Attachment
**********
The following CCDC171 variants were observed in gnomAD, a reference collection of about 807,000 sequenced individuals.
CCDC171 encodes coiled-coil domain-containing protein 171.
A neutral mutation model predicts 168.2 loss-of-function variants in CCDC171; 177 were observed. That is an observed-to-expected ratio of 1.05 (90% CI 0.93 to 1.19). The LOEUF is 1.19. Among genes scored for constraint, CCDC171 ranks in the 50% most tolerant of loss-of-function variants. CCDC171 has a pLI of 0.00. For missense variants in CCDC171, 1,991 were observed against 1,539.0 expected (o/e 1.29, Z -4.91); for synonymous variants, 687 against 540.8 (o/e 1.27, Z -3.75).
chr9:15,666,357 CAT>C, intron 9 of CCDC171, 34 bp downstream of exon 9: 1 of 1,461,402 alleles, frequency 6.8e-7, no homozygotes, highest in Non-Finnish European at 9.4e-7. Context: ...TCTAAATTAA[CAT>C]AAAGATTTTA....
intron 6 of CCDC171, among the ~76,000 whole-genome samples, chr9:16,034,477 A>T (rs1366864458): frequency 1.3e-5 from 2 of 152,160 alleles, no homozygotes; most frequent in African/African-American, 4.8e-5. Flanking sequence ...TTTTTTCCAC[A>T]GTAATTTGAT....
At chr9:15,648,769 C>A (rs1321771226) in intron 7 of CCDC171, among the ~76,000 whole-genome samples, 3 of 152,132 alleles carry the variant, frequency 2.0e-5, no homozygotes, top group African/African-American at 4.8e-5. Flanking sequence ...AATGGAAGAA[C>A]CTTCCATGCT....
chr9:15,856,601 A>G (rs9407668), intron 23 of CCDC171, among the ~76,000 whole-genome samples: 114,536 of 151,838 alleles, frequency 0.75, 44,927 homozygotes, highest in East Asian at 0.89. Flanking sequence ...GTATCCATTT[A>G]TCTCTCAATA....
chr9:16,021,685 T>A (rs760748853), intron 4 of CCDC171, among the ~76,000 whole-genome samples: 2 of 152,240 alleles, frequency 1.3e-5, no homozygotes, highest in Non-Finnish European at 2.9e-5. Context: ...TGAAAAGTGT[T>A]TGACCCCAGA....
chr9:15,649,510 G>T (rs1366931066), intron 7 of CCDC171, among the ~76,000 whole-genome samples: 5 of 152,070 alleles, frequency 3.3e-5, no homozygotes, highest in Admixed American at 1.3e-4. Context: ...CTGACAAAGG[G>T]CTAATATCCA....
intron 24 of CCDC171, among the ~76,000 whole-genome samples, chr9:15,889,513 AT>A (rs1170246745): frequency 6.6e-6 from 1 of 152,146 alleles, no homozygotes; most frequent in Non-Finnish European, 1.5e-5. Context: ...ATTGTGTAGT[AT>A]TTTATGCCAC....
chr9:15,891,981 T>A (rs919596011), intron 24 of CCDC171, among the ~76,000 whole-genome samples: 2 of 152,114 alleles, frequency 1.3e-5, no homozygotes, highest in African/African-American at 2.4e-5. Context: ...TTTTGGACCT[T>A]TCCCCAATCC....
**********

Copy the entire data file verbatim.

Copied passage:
The following CCDC171 variants were observed in gnomAD, a reference collection of about 807,000 sequenced individuals.
CCDC171 encodes coiled-coil domain-containing protein 171.
A neutral mutation model predicts 168.2 loss-of-function variants in CCDC171; 177 were observed. That is an observed-to-expected ratio of 1.05 (90% CI 0.93 to 1.19). The LOEUF is 1.19. Among genes scored for constraint, CCDC171 ranks in the 50% most tolerant of loss-of-function variants. CCDC171 has a pLI of 0.00. For missense variants in CCDC171, 1,991 were observed against 1,539.0 expected (o/e 1.29, Z -4.91); for synonymous variants, 687 against 540.8 (o/e 1.27, Z -3.75).
chr9:15,666,357 CAT>C, intron 9 of CCDC171, 34 bp downstream of exon 9: 1 of 1,461,402 alleles, frequency 6.8e-7, no homozygotes, highest in Non-Finnish European at 9.4e-7. Context: ...TCTAAATTAA[CAT>C]AAAGATTTTA....
intron 6 of CCDC171, among the ~76,000 whole-genome samples, chr9:16,034,477 A>T (rs1366864458): frequency 1.3e-5 from 2 of 152,160 alleles, no homozygotes; most frequent in African/African-American, 4.8e-5. Flanking sequence ...TTTTTTCCAC[A>T]GTAATTTGAT....
At chr9:15,648,769 C>A (rs1321771226) in intron 7 of CCDC171, among the ~76,000 whole-genome samples, 3 of 152,132 alleles carry the variant, frequency 2.0e-5, no homozygotes, top group African/African-American at 4.8e-5. Flanking sequence ...AATGGAAGAA[C>A]CTTCCATGCT....
chr9:15,856,601 A>G (rs9407668), intron 23 of CCDC171, among the ~76,000 whole-genome samples: 114,536 of 151,838 alleles, frequency 0.75, 44,927 homozygotes, highest in East Asian at 0.89. Flanking sequence ...GTATCCATTT[A>G]TCTCTCAATA....
chr9:16,021,685 T>A (rs760748853), intron 4 of CCDC171, among the ~76,000 whole-genome samples: 2 of 152,240 alleles, frequency 1.3e-5, no homozygotes, highest in Non-Finnish European at 2.9e-5. Context: ...TGAAAAGTGT[T>A]TGACCCCAGA....
chr9:15,649,510 G>T (rs1366931066), intron 7 of CCDC171, among the ~76,000 whole-genome samples: 5 of 152,070 alleles, frequency 3.3e-5, no homozygotes, highest in Admixed American at 1.3e-4. Context: ...CTGACAAAGG[G>T]CTAATATCCA....
intron 24 of CCDC171, among the ~76,000 whole-genome samples, chr9:15,889,513 AT>A (rs1170246745): frequency 6.6e-6 from 1 of 152,146 alleles, no homozygotes; most frequent in Non-Finnish European, 1.5e-5. Context: ...ATTGTGTAGT[AT>A]TTTATGCCAC....
chr9:15,891,981 T>A (rs919596011), intron 24 of CCDC171, among the ~76,000 whole-genome samples: 2 of 152,114 alleles, frequency 1.3e-5, no homozygotes, highest in African/African-American at 2.4e-5. Context: ...TTTTGGACCT[T>A]TCCCCAATCC....